I was very nervous to start the first rotation. Going from third year clinic, where you get almost 2 hours for an exam, to a VA hospital where you get about 35-40 minutes for a complete exam, was very intimidating at first. I chose a site where I was the only extern there so I could become more independent. Some sites have room for only 1 extern, while others have the capability of having several (sometimes 7 or 8 depending on other schools’ participation). Clinic started around 9:45am at the third year clinic, now I had to be ready to go by 7:30am for my first patient at my new site!

I’m not going to lie; the first few weeks at my rotation were hectic to say the least. I was very intimidated by the amount of patients I saw, my new preceptors, and all the new things I needed to learn at the site. The electronic medical record (EMR) system was very different from RSO’s, but I picked it up quickly. I also had to learn how to cut down on my exam time, which the preceptors helped me with. I also had access to a lot of technology, including OCT and Visual Field testing (which I had in the school clinic), but also new equipment like an anterior segment camera, B-scan, and fundus autofluorescence! It was very exciting to learn about these machines and be able to interpret their scans.

During the externship, you also have other responsibilities as a student. You are required to write about 2 cases that you personally saw at the site. You also have a chance to provide feedback to the externship director about your preceptors at the site. It gives you a chance to let them know what more they could do to enhance your learning experience at the site. Your preceptors also do an evaluation of you, indicating what you are strong in and also some areas of weakness and how to improve. It’s a great learning experience. Even though I’m pretty sensitive when it comes to criticism, everything they wrote was true and I took it to heart. By the end of the semester, I’m glad to say, my preceptors thought I improved 100%. It is a good feeling to know your preceptors want you to do well.

Although I am only finished with my first rotation through my fourth year, I can tell you that I have learned so much more than I thought I ever could. Being in class and learning from a book is one thing, but actually experiencing it and seeing it in a patient, as well as managing it, is another. I have grown leaps and bounds from this first experience, and know I will continue to grow through my next two sites. Stay tuned to hear about those in the near future!

First RSO student appointed a National Liaison Position with AOSA

asco

I applied to be a national liaison (NL) because I wanted to be more involved with the American Optometric Student Association (AOSA). A national liaison represents an allied association within the AOSA, much like how the American Optometric Association (AOA) has members for their allied optometric association. An allied association may focus on a specialty like sports vision, InfantSEE program, optometry in public health, etc.

It was an exciting moment when I got the email from the AOSA President 2015-6, Hunter Chapman, saying that I was selected for the student national liaison for the Association of Schools and Colleges of Optometry (ASCO). In fact, I was the first person from RSO to be selected for a NL position. This year only 15 students were selected from the nationwide optometry student applicant pool to be liaisons of: ASCO, AAO, APHA, NBEO, COVD, OEP, CLS, and etc. Read more about NLs and their respective allied organizations here: http://www.theaosa.org/about/2015-16-allied-associations-and-national-liaisons/

I would also like to talk about the Association of Schools and Colleges of Optometry (ASCO). Prior to my position, I had no idea that this organization was in charge of the Optometry Admission Test (OAT) among other things. ASCO  is the academic leadership organization committed to promoting, advancing and achieving excellence in optometric education. ASCO represents all accredited schools and colleges of optometry in the fifty states and Puerto Rico. ASCO’s affiliate members include the Canadian schools of optometry, other foreign schools, allied organizations, and the U.S. Department of Veterans Affairs. ASCO’s activities also cover a wide range of programs including applicant development and diversity, faculty and executive development, advocacy, residency promotion, data development and communications. Since joining in on ASCO’s meeting, I have discovered how broad optometry education really is. Please read more about ASCO 0n their website: http://www.opted.org/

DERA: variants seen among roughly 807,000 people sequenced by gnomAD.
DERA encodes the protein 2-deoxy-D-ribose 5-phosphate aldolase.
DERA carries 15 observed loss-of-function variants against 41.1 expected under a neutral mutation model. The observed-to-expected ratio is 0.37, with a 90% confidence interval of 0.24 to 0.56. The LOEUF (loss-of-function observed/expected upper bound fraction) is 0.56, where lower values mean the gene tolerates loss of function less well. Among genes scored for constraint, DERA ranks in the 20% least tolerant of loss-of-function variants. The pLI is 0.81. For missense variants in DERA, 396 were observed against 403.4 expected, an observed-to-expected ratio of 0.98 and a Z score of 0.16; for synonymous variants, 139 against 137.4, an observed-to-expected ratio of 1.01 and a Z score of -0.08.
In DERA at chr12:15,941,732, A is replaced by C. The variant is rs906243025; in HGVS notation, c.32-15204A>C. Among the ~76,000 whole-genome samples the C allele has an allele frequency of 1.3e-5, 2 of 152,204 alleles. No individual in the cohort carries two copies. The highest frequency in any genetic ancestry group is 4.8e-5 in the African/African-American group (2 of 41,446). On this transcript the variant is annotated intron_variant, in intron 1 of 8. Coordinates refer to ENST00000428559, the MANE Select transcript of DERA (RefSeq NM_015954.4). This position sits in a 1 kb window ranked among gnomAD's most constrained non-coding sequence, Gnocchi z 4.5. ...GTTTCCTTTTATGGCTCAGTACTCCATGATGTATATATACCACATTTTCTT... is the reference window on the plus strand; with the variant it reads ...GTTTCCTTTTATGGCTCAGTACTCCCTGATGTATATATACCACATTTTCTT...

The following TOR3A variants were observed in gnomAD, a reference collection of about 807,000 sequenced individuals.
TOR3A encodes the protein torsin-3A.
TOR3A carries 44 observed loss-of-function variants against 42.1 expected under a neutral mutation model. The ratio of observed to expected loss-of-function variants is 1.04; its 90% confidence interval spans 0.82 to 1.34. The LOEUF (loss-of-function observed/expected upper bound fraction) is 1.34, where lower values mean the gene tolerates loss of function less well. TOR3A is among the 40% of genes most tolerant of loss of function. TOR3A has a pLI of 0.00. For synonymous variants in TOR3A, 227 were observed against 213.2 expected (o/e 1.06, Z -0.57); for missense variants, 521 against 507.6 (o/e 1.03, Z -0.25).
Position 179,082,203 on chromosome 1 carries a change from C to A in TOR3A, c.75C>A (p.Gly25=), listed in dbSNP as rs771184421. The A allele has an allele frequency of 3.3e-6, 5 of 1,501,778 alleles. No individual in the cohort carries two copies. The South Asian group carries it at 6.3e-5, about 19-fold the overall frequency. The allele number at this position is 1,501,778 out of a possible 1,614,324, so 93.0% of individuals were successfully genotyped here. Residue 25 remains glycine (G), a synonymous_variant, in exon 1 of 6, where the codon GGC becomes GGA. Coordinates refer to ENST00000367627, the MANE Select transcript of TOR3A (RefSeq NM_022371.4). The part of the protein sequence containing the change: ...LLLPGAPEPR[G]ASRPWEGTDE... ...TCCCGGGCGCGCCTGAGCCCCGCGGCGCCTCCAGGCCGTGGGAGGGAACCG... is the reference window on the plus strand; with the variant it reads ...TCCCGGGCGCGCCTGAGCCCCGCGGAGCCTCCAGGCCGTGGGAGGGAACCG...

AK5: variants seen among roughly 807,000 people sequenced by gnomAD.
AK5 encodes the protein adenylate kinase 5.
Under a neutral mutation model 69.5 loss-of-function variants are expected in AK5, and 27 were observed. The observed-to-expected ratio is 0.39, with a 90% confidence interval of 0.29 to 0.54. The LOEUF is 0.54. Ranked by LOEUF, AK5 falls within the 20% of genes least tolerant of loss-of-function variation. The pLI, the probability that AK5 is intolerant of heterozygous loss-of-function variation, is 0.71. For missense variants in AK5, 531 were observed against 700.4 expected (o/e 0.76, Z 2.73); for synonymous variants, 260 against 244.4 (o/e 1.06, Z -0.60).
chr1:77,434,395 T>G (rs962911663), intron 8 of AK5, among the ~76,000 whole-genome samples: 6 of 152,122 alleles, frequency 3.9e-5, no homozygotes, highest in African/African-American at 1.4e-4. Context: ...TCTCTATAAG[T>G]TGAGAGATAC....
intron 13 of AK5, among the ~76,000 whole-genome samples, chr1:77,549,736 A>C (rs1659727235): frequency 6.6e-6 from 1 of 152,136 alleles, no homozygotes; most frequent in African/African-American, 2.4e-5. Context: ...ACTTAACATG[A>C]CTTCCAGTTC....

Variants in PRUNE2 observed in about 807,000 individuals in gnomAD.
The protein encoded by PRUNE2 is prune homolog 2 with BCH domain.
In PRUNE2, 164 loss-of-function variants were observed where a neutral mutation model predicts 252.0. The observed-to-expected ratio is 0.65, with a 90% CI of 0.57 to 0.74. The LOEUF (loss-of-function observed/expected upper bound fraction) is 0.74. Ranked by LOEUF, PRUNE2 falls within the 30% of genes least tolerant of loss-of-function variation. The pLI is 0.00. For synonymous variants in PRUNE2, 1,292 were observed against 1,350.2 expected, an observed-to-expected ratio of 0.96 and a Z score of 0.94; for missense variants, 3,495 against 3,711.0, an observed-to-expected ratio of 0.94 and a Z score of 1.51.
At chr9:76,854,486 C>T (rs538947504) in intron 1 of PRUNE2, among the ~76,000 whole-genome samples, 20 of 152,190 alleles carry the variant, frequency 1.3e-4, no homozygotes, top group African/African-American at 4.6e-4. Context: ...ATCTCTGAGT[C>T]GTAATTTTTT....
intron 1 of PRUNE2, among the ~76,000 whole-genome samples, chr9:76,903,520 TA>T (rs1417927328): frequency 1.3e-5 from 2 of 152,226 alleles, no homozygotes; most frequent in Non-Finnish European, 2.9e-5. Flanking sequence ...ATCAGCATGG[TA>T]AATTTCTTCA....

RSO gives a 1 week break in the summer so that students can go to Optometry’s Meeting. This year Optometry’s Meeting took place in Seattle, Washington. I knew that our school has always supported RSO students who engaged in extracurricular activities. However, our Dean, Dr. Wingert, also actively partakes in leadership roles. It was no surprise that he was the current chair of the ASCO Student Affairs Committee. The members of ASCO include the optometry school Deans and Presidents, who meet a few times a year via phone conference call, emails, and/or in person at big meetings such as Optometry’s Meeting to discuss the long list of ASCO activities listed above. Deans can also run for leadership positions within the different committees in ASCO. During this meeting each committee leader would present their updates and progress of their group. I had the honor to present to all the Deans about AOSA. I won’t lie, it was nerve racking. However after the presentation I received warm comments from Dr. Wingert (RSO Dean) and Dr. Buzzelli (Past RSO Dean, Current Dean of the University of Pikeville, College of Optometry).

Deans convene in ASCO meeting!
Deans convene in ASCO meeting!

 

I would also like to congratulate Mr. Marty Wall, MPA, CAE and ASCO outgoing-Executive Director for his many years of service. It was a pleasure to meet such a wonderful person and great leader.

A luncheon was held in honor of Mr. Wall's service to ASCO and the field of optometry!
A luncheon was held in honor of Mr. Wall’s service to ASCO and the field of optometry at OM15!